And so all of this betrothal period is leading up to this moment that we are waiting for this marriage feast and party. And to mark the beginning of this wedding feast, the bridegroom, I love this, ceremoniously, walks from his home to the bride’s home and they negotiate the bridal dowry and then he takes his bride, and he walks back to his home to establish this new family. And that’s what we’re seeing described here. The original hearers would’ve understood this story very well.

But on that evening journey from his home to hers and back to him, an entourage follows along including eligible young women who we might call bridesmaids, likely chosen by the bride. And their responsibility was to light the way for this entourage and to bring attention, to bring glory if you will, to the wedding celebration that was taking place.

Here’s a picture of an oil lamp and it could have been a torch like some of your translations say, but likely an oil lamp. This is an example of a first century oil lamp. You can even buy them now in Jerusalem. You can buy first century oil lamps. It’s kind of flat there on the bottom. You pour the oil of course in that center section and there’s a wick and you’d cut that wick when you’re ready to light the lamp. Five of them took this duty seriously, five of them did not. Did you notice that, except for the lack of preparation, all 10 were essentially described in the same way? They were all included in the wedding party as bridesmaids perhaps selected by the bride. They all brought their lamps, they all went and waited for the groom. They all got drowsy and slept at his delay but, when the bridegroom arrives in the parable, that’s the separation.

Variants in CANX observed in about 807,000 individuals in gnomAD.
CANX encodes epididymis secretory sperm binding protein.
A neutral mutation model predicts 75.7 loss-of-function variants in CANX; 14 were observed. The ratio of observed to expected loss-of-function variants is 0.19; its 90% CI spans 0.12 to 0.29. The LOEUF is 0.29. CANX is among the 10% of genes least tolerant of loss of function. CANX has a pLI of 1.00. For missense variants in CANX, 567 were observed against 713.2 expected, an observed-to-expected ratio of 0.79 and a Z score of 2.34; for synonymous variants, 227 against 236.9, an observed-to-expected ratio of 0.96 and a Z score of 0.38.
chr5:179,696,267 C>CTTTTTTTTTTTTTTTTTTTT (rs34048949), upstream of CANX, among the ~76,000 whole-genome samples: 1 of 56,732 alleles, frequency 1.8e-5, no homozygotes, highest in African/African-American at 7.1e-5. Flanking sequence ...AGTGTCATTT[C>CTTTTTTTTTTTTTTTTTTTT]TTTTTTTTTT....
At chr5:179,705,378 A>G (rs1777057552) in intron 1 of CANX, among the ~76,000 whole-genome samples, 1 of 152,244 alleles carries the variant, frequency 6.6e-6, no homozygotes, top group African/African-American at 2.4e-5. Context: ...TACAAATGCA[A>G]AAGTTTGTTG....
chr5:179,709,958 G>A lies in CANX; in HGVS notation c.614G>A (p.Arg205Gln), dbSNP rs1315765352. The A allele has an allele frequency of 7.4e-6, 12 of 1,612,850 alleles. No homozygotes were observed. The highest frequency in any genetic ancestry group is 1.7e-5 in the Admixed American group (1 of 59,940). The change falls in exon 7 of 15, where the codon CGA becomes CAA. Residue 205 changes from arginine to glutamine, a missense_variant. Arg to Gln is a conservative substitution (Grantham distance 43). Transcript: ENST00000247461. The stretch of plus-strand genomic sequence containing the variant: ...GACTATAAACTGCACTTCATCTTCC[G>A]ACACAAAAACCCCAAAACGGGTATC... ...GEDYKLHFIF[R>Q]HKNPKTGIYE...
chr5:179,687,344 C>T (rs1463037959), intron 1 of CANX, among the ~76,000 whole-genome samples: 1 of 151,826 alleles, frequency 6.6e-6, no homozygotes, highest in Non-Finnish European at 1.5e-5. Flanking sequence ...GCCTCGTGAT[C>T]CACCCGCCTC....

Jesus divides these 10 into two groups. Those who were prepared and those who weren’t, those who were on the outside had all the forms of faithful wedding attendants and appearances can be deceiving, even to ourselves. They showed up. They had lamps, they had the props. But at the moment of the bridegroom’s arrival, their hearts were revealed. When the bridesmaids were waiting for the bridegroom, they all got drowsy and slept, right? But I love Scottish pastor Eric Alexander; he puts it this way. “Five of them slept the sleep of genuine contentment. They were ready. Five of them slept the sleep of misplaced confidence.”  Confidence perhaps in the trappings of their role in this wedding entourage, simply being invited, confident confident perhaps that they would have plenty of time to prepare later. Confident perhaps that they’d be able to borrow from another’s preparation, a trivialization of the wedding and this celebration or put another way, a trivialization of Christ and His Kingdom. What could be seen on the outside made the foolish appear similar. To the wise, the sudden coming of the bridegroom revealed the true condition of their hearts, a commitment, a wholeheartedness, or a faith that was never there to begin with.